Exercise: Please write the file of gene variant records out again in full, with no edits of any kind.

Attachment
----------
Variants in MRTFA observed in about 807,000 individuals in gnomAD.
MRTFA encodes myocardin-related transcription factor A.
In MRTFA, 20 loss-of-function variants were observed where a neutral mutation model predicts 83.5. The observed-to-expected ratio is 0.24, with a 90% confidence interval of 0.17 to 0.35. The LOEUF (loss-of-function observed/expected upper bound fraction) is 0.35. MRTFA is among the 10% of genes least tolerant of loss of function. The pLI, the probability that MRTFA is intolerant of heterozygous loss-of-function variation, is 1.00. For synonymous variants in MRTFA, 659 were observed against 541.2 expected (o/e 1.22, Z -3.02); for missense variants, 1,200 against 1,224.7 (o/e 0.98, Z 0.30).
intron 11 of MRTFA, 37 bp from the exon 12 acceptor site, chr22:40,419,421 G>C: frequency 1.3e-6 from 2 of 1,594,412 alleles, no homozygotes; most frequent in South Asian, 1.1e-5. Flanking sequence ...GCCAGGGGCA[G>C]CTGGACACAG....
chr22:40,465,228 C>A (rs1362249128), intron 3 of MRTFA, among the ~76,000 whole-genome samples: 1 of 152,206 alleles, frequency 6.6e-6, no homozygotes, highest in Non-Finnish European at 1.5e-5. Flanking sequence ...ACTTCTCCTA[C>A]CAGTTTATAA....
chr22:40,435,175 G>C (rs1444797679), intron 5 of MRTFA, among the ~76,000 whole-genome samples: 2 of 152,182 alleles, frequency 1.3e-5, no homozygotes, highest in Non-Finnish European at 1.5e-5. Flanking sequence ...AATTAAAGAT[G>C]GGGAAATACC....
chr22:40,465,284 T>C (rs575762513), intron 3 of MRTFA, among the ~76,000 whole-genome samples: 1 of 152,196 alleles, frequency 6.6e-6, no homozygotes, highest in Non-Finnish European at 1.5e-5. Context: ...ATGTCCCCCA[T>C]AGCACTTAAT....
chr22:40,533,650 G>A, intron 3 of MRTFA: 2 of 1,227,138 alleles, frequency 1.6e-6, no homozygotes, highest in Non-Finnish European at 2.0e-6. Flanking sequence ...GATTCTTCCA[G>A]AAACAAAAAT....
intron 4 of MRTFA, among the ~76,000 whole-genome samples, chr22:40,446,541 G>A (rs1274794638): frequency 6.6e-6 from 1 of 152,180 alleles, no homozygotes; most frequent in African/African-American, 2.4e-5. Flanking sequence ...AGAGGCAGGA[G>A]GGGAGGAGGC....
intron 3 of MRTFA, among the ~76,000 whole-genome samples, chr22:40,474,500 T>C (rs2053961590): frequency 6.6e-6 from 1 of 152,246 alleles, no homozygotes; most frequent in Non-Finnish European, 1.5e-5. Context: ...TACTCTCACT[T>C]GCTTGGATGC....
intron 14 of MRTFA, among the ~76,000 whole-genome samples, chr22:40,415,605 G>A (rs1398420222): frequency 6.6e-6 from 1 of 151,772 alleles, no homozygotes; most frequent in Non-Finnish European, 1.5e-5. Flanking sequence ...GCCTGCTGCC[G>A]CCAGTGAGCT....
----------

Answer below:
Variants in MRTFA observed in about 807,000 individuals in gnomAD.
MRTFA encodes myocardin-related transcription factor A.
In MRTFA, 20 loss-of-function variants were observed where a neutral mutation model predicts 83.5. The observed-to-expected ratio is 0.24, with a 90% confidence interval of 0.17 to 0.35. The LOEUF (loss-of-function observed/expected upper bound fraction) is 0.35. MRTFA is among the 10% of genes least tolerant of loss of function. The pLI, the probability that MRTFA is intolerant of heterozygous loss-of-function variation, is 1.00. For synonymous variants in MRTFA, 659 were observed against 541.2 expected (o/e 1.22, Z -3.02); for missense variants, 1,200 against 1,224.7 (o/e 0.98, Z 0.30).
intron 11 of MRTFA, 37 bp from the exon 12 acceptor site, chr22:40,419,421 G>C: frequency 1.3e-6 from 2 of 1,594,412 alleles, no homozygotes; most frequent in South Asian, 1.1e-5. Flanking sequence ...GCCAGGGGCA[G>C]CTGGACACAG....
chr22:40,465,228 C>A (rs1362249128), intron 3 of MRTFA, among the ~76,000 whole-genome samples: 1 of 152,206 alleles, frequency 6.6e-6, no homozygotes, highest in Non-Finnish European at 1.5e-5. Flanking sequence ...ACTTCTCCTA[C>A]CAGTTTATAA....
chr22:40,435,175 G>C (rs1444797679), intron 5 of MRTFA, among the ~76,000 whole-genome samples: 2 of 152,182 alleles, frequency 1.3e-5, no homozygotes, highest in Non-Finnish European at 1.5e-5. Flanking sequence ...AATTAAAGAT[G>C]GGGAAATACC....
chr22:40,465,284 T>C (rs575762513), intron 3 of MRTFA, among the ~76,000 whole-genome samples: 1 of 152,196 alleles, frequency 6.6e-6, no homozygotes, highest in Non-Finnish European at 1.5e-5. Context: ...ATGTCCCCCA[T>C]AGCACTTAAT....
chr22:40,533,650 G>A, intron 3 of MRTFA: 2 of 1,227,138 alleles, frequency 1.6e-6, no homozygotes, highest in Non-Finnish European at 2.0e-6. Flanking sequence ...GATTCTTCCA[G>A]AAACAAAAAT....
intron 4 of MRTFA, among the ~76,000 whole-genome samples, chr22:40,446,541 G>A (rs1274794638): frequency 6.6e-6 from 1 of 152,180 alleles, no homozygotes; most frequent in African/African-American, 2.4e-5. Flanking sequence ...AGAGGCAGGA[G>A]GGGAGGAGGC....
intron 3 of MRTFA, among the ~76,000 whole-genome samples, chr22:40,474,500 T>C (rs2053961590): frequency 6.6e-6 from 1 of 152,246 alleles, no homozygotes; most frequent in Non-Finnish European, 1.5e-5. Context: ...TACTCTCACT[T>C]GCTTGGATGC....
intron 14 of MRTFA, among the ~76,000 whole-genome samples, chr22:40,415,605 G>A (rs1398420222): frequency 6.6e-6 from 1 of 151,772 alleles, no homozygotes; most frequent in Non-Finnish European, 1.5e-5. Flanking sequence ...GCCTGCTGCC[G>A]CCAGTGAGCT....